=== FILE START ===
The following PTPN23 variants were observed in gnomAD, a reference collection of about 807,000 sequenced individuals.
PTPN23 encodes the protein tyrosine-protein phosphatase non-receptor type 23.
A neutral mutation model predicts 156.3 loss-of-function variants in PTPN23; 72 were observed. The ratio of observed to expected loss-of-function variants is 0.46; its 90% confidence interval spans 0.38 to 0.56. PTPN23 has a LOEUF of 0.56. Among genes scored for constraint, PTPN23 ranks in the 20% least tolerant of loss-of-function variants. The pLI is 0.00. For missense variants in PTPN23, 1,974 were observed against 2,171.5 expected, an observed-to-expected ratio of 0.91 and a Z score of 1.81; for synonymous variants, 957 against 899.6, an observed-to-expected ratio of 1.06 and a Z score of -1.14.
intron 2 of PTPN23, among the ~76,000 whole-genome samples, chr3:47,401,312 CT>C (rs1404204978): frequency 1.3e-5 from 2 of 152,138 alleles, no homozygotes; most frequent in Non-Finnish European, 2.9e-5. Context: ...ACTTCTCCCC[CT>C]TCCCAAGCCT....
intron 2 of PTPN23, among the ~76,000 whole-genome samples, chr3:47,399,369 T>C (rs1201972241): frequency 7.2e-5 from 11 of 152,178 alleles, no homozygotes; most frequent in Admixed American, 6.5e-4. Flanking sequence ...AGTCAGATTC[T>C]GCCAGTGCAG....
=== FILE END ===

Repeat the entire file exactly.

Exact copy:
The following PTPN23 variants were observed in gnomAD, a reference collection of about 807,000 sequenced individuals.
PTPN23 encodes the protein tyrosine-protein phosphatase non-receptor type 23.
A neutral mutation model predicts 156.3 loss-of-function variants in PTPN23; 72 were observed. The ratio of observed to expected loss-of-function variants is 0.46; its 90% confidence interval spans 0.38 to 0.56. PTPN23 has a LOEUF of 0.56. Among genes scored for constraint, PTPN23 ranks in the 20% least tolerant of loss-of-function variants. The pLI is 0.00. For missense variants in PTPN23, 1,974 were observed against 2,171.5 expected, an observed-to-expected ratio of 0.91 and a Z score of 1.81; for synonymous variants, 957 against 899.6, an observed-to-expected ratio of 1.06 and a Z score of -1.14.
intron 2 of PTPN23, among the ~76,000 whole-genome samples, chr3:47,401,312 CT>C (rs1404204978): frequency 1.3e-5 from 2 of 152,138 alleles, no homozygotes; most frequent in Non-Finnish European, 2.9e-5. Context: ...ACTTCTCCCC[CT>C]TCCCAAGCCT....
intron 2 of PTPN23, among the ~76,000 whole-genome samples, chr3:47,399,369 T>C (rs1201972241): frequency 7.2e-5 from 11 of 152,178 alleles, no homozygotes; most frequent in Admixed American, 6.5e-4. Flanking sequence ...AGTCAGATTC[T>C]GCCAGTGCAG....